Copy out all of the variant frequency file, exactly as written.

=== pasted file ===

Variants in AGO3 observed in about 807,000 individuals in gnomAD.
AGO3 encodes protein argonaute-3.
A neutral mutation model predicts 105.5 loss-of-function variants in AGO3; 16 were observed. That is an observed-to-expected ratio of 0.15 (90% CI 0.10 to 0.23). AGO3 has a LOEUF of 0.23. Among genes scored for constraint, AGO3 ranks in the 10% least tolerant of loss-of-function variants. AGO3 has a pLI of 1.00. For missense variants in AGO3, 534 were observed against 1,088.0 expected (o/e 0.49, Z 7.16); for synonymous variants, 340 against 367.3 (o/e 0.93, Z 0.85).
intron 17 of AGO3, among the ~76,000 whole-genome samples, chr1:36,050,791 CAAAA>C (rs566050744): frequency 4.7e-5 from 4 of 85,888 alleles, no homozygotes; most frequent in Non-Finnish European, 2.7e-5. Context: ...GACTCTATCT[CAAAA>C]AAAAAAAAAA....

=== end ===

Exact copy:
Variants in AGO3 observed in about 807,000 individuals in gnomAD.
AGO3 encodes protein argonaute-3.
A neutral mutation model predicts 105.5 loss-of-function variants in AGO3; 16 were observed. That is an observed-to-expected ratio of 0.15 (90% CI 0.10 to 0.23). AGO3 has a LOEUF of 0.23. Among genes scored for constraint, AGO3 ranks in the 10% least tolerant of loss-of-function variants. AGO3 has a pLI of 1.00. For missense variants in AGO3, 534 were observed against 1,088.0 expected (o/e 0.49, Z 7.16); for synonymous variants, 340 against 367.3 (o/e 0.93, Z 0.85).
intron 17 of AGO3, among the ~76,000 whole-genome samples, chr1:36,050,791 CAAAA>C (rs566050744): frequency 4.7e-5 from 4 of 85,888 alleles, no homozygotes; most frequent in Non-Finnish European, 2.7e-5. Context: ...GACTCTATCT[CAAAA>C]AAAAAAAAAA....